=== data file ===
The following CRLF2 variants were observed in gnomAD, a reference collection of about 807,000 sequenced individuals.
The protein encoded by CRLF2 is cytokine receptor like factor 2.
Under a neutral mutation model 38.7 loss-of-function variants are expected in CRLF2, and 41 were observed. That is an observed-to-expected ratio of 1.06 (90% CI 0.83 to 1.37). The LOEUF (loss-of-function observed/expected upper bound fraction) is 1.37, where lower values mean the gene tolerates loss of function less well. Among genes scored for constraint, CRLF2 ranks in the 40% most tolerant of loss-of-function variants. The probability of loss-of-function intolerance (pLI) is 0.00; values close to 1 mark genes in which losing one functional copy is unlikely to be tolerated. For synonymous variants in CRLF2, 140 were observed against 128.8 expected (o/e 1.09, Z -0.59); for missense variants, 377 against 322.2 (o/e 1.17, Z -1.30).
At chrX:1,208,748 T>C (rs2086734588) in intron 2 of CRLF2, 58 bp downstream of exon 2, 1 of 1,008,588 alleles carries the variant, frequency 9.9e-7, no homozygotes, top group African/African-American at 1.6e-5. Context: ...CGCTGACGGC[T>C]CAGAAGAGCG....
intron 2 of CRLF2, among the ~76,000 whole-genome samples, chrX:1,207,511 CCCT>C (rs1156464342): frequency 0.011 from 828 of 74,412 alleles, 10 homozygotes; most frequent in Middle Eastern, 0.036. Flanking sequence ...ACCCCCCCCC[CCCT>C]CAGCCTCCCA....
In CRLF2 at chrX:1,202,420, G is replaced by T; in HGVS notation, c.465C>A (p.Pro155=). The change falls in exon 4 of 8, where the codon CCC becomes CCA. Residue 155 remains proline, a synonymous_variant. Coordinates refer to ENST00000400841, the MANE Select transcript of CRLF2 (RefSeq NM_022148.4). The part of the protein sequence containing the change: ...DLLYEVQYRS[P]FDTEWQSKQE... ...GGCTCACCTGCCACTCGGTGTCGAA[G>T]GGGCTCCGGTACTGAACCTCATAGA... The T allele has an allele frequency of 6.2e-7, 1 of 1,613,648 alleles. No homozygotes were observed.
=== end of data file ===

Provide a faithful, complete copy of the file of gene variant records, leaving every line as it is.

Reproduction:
The following CRLF2 variants were observed in gnomAD, a reference collection of about 807,000 sequenced individuals.
The protein encoded by CRLF2 is cytokine receptor like factor 2.
Under a neutral mutation model 38.7 loss-of-function variants are expected in CRLF2, and 41 were observed. That is an observed-to-expected ratio of 1.06 (90% CI 0.83 to 1.37). The LOEUF (loss-of-function observed/expected upper bound fraction) is 1.37, where lower values mean the gene tolerates loss of function less well. Among genes scored for constraint, CRLF2 ranks in the 40% most tolerant of loss-of-function variants. The probability of loss-of-function intolerance (pLI) is 0.00; values close to 1 mark genes in which losing one functional copy is unlikely to be tolerated. For synonymous variants in CRLF2, 140 were observed against 128.8 expected (o/e 1.09, Z -0.59); for missense variants, 377 against 322.2 (o/e 1.17, Z -1.30).
At chrX:1,208,748 T>C (rs2086734588) in intron 2 of CRLF2, 58 bp downstream of exon 2, 1 of 1,008,588 alleles carries the variant, frequency 9.9e-7, no homozygotes, top group African/African-American at 1.6e-5. Context: ...CGCTGACGGC[T>C]CAGAAGAGCG....
intron 2 of CRLF2, among the ~76,000 whole-genome samples, chrX:1,207,511 CCCT>C (rs1156464342): frequency 0.011 from 828 of 74,412 alleles, 10 homozygotes; most frequent in Middle Eastern, 0.036. Flanking sequence ...ACCCCCCCCC[CCCT>C]CAGCCTCCCA....
In CRLF2 at chrX:1,202,420, G is replaced by T; in HGVS notation, c.465C>A (p.Pro155=). The change falls in exon 4 of 8, where the codon CCC becomes CCA. Residue 155 remains proline, a synonymous_variant. Coordinates refer to ENST00000400841, the MANE Select transcript of CRLF2 (RefSeq NM_022148.4). The part of the protein sequence containing the change: ...DLLYEVQYRS[P]FDTEWQSKQE... ...GGCTCACCTGCCACTCGGTGTCGAA[G>T]GGGCTCCGGTACTGAACCTCATAGA... The T allele has an allele frequency of 6.2e-7, 1 of 1,613,648 alleles. No homozygotes were observed.